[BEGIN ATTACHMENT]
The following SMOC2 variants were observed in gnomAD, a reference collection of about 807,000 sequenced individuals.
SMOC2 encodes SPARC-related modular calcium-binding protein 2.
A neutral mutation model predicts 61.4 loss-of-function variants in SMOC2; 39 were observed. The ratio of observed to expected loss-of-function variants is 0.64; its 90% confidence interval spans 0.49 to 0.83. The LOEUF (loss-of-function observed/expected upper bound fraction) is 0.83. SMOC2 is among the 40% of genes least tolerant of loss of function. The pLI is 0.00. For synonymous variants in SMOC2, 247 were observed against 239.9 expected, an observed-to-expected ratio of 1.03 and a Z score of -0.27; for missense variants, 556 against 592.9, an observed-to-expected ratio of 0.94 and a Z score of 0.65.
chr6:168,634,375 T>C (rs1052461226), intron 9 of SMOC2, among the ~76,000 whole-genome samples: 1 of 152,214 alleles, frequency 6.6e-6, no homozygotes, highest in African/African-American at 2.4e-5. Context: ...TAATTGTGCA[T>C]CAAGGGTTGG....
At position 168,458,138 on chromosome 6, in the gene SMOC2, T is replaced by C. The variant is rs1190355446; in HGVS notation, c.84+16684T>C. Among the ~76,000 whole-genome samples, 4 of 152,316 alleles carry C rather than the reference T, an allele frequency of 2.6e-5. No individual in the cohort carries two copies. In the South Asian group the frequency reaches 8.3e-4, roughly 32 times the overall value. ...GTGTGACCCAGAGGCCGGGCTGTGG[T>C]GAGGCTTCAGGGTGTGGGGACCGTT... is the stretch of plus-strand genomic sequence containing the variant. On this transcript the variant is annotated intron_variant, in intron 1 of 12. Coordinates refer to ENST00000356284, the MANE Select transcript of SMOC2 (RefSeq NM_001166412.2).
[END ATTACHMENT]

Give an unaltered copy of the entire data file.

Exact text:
The following SMOC2 variants were observed in gnomAD, a reference collection of about 807,000 sequenced individuals.
SMOC2 encodes SPARC-related modular calcium-binding protein 2.
A neutral mutation model predicts 61.4 loss-of-function variants in SMOC2; 39 were observed. The ratio of observed to expected loss-of-function variants is 0.64; its 90% confidence interval spans 0.49 to 0.83. The LOEUF (loss-of-function observed/expected upper bound fraction) is 0.83. SMOC2 is among the 40% of genes least tolerant of loss of function. The pLI is 0.00. For synonymous variants in SMOC2, 247 were observed against 239.9 expected, an observed-to-expected ratio of 1.03 and a Z score of -0.27; for missense variants, 556 against 592.9, an observed-to-expected ratio of 0.94 and a Z score of 0.65.
chr6:168,634,375 T>C (rs1052461226), intron 9 of SMOC2, among the ~76,000 whole-genome samples: 1 of 152,214 alleles, frequency 6.6e-6, no homozygotes, highest in African/African-American at 2.4e-5. Context: ...TAATTGTGCA[T>C]CAAGGGTTGG....
At position 168,458,138 on chromosome 6, in the gene SMOC2, T is replaced by C. The variant is rs1190355446; in HGVS notation, c.84+16684T>C. Among the ~76,000 whole-genome samples, 4 of 152,316 alleles carry C rather than the reference T, an allele frequency of 2.6e-5. No individual in the cohort carries two copies. In the South Asian group the frequency reaches 8.3e-4, roughly 32 times the overall value. ...GTGTGACCCAGAGGCCGGGCTGTGG[T>C]GAGGCTTCAGGGTGTGGGGACCGTT... is the stretch of plus-strand genomic sequence containing the variant. On this transcript the variant is annotated intron_variant, in intron 1 of 12. Coordinates refer to ENST00000356284, the MANE Select transcript of SMOC2 (RefSeq NM_001166412.2).